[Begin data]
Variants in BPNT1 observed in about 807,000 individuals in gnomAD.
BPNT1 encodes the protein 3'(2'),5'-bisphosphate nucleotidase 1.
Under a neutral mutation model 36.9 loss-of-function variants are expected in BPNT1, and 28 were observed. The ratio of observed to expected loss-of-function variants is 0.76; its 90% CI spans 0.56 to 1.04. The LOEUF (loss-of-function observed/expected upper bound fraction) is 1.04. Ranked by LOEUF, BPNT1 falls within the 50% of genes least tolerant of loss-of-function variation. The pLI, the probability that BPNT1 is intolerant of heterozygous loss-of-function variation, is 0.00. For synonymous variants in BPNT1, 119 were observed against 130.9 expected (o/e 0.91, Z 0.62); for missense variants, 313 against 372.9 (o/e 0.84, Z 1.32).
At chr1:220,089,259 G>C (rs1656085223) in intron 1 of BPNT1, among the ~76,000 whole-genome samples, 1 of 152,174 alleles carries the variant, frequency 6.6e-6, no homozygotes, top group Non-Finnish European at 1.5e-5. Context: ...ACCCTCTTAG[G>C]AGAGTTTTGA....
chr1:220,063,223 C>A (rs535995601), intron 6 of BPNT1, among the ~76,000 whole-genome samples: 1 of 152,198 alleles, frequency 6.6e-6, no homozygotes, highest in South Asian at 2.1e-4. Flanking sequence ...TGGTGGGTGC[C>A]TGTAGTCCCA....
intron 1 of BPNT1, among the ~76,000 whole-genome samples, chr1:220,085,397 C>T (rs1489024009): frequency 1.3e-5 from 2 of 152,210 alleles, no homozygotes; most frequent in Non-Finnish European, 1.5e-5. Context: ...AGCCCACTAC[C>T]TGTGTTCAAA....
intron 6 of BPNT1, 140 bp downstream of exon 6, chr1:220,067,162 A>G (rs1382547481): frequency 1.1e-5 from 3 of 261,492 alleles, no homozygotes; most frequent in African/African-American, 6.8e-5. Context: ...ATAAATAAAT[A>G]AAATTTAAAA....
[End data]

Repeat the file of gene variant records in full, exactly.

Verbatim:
Variants in BPNT1 observed in about 807,000 individuals in gnomAD.
BPNT1 encodes the protein 3'(2'),5'-bisphosphate nucleotidase 1.
Under a neutral mutation model 36.9 loss-of-function variants are expected in BPNT1, and 28 were observed. The ratio of observed to expected loss-of-function variants is 0.76; its 90% CI spans 0.56 to 1.04. The LOEUF (loss-of-function observed/expected upper bound fraction) is 1.04. Ranked by LOEUF, BPNT1 falls within the 50% of genes least tolerant of loss-of-function variation. The pLI, the probability that BPNT1 is intolerant of heterozygous loss-of-function variation, is 0.00. For synonymous variants in BPNT1, 119 were observed against 130.9 expected (o/e 0.91, Z 0.62); for missense variants, 313 against 372.9 (o/e 0.84, Z 1.32).
At chr1:220,089,259 G>C (rs1656085223) in intron 1 of BPNT1, among the ~76,000 whole-genome samples, 1 of 152,174 alleles carries the variant, frequency 6.6e-6, no homozygotes, top group Non-Finnish European at 1.5e-5. Context: ...ACCCTCTTAG[G>C]AGAGTTTTGA....
chr1:220,063,223 C>A (rs535995601), intron 6 of BPNT1, among the ~76,000 whole-genome samples: 1 of 152,198 alleles, frequency 6.6e-6, no homozygotes, highest in South Asian at 2.1e-4. Flanking sequence ...TGGTGGGTGC[C>A]TGTAGTCCCA....
intron 1 of BPNT1, among the ~76,000 whole-genome samples, chr1:220,085,397 C>T (rs1489024009): frequency 1.3e-5 from 2 of 152,210 alleles, no homozygotes; most frequent in Non-Finnish European, 1.5e-5. Context: ...AGCCCACTAC[C>T]TGTGTTCAAA....
intron 6 of BPNT1, 140 bp downstream of exon 6, chr1:220,067,162 A>G (rs1382547481): frequency 1.1e-5 from 3 of 261,492 alleles, no homozygotes; most frequent in African/African-American, 6.8e-5. Context: ...ATAAATAAAT[A>G]AAATTTAAAA....